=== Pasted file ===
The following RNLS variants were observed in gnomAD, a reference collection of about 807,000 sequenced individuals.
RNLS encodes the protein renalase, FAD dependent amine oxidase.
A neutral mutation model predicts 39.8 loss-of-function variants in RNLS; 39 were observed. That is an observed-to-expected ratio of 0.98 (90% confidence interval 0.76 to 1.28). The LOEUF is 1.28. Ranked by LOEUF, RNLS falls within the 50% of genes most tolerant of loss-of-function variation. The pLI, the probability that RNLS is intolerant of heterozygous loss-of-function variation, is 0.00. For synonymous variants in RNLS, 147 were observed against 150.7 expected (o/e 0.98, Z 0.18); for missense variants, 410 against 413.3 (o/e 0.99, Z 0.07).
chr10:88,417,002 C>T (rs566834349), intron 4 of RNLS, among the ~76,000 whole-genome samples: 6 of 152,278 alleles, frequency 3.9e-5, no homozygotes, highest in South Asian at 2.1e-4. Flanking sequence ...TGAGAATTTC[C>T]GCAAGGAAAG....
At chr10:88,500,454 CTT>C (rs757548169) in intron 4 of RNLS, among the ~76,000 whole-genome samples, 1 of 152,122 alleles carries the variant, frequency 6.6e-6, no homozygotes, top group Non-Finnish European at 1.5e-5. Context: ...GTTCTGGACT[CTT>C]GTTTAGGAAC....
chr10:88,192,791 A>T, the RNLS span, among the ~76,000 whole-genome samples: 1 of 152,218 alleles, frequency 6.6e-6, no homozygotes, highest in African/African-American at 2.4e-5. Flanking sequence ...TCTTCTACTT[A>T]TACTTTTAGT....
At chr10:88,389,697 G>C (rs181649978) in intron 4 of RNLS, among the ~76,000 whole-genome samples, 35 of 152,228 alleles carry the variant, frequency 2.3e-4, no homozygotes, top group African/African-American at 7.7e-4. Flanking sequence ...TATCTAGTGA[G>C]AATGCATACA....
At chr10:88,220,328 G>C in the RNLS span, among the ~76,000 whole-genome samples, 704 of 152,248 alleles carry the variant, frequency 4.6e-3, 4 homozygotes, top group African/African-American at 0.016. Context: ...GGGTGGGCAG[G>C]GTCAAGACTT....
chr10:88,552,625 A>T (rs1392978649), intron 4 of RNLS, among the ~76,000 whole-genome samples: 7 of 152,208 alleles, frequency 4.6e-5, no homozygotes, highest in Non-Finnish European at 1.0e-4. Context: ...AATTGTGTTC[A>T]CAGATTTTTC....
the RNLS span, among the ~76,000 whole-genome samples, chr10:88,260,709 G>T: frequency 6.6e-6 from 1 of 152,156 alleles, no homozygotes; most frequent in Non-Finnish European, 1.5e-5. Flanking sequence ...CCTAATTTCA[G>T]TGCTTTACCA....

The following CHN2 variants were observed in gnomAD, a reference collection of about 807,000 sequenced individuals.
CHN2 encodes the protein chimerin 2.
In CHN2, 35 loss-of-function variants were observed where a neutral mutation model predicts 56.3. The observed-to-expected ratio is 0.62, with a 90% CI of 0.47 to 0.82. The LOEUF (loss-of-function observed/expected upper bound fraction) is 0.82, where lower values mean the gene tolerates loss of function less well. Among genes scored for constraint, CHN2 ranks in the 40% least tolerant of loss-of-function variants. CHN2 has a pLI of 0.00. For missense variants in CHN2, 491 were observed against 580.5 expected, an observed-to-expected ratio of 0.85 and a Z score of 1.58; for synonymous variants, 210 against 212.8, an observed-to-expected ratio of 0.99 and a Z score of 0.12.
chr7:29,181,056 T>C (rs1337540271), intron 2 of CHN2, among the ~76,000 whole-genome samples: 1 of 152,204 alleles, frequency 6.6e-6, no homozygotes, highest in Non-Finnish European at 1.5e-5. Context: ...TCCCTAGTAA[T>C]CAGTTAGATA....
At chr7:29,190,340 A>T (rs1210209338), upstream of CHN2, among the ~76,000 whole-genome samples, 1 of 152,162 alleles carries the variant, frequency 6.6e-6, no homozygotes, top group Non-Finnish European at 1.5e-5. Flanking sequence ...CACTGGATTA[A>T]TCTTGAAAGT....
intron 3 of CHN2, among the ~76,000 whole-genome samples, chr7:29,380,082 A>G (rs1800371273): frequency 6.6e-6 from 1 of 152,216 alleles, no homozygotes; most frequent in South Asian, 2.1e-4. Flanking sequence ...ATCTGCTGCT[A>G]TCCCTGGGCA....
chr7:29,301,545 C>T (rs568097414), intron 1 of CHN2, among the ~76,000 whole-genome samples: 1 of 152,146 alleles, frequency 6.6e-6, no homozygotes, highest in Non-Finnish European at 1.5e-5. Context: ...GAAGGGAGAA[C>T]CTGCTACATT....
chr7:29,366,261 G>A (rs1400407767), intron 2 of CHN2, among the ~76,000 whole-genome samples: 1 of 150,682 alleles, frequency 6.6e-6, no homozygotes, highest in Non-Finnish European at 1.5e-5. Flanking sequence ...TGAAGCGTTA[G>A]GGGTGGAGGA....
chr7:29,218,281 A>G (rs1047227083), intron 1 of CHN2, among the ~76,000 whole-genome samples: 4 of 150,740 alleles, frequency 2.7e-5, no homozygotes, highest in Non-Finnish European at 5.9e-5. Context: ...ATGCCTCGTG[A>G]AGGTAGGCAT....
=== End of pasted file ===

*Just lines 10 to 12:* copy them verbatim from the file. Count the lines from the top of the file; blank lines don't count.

the RNLS span, among the ~76,000 whole-genome samples, chr10:88,260,709 G>T: frequency 6.6e-6 from 1 of 152,156 alleles, no homozygotes; most frequent in Non-Finnish European, 1.5e-5. Flanking sequence ...CCTAATTTCA[G>T]TGCTTTACCA....

The following CHN2 variants were observed in gnomAD, a reference collection of about 807,000 sequenced individuals.
CHN2 encodes the protein chimerin 2.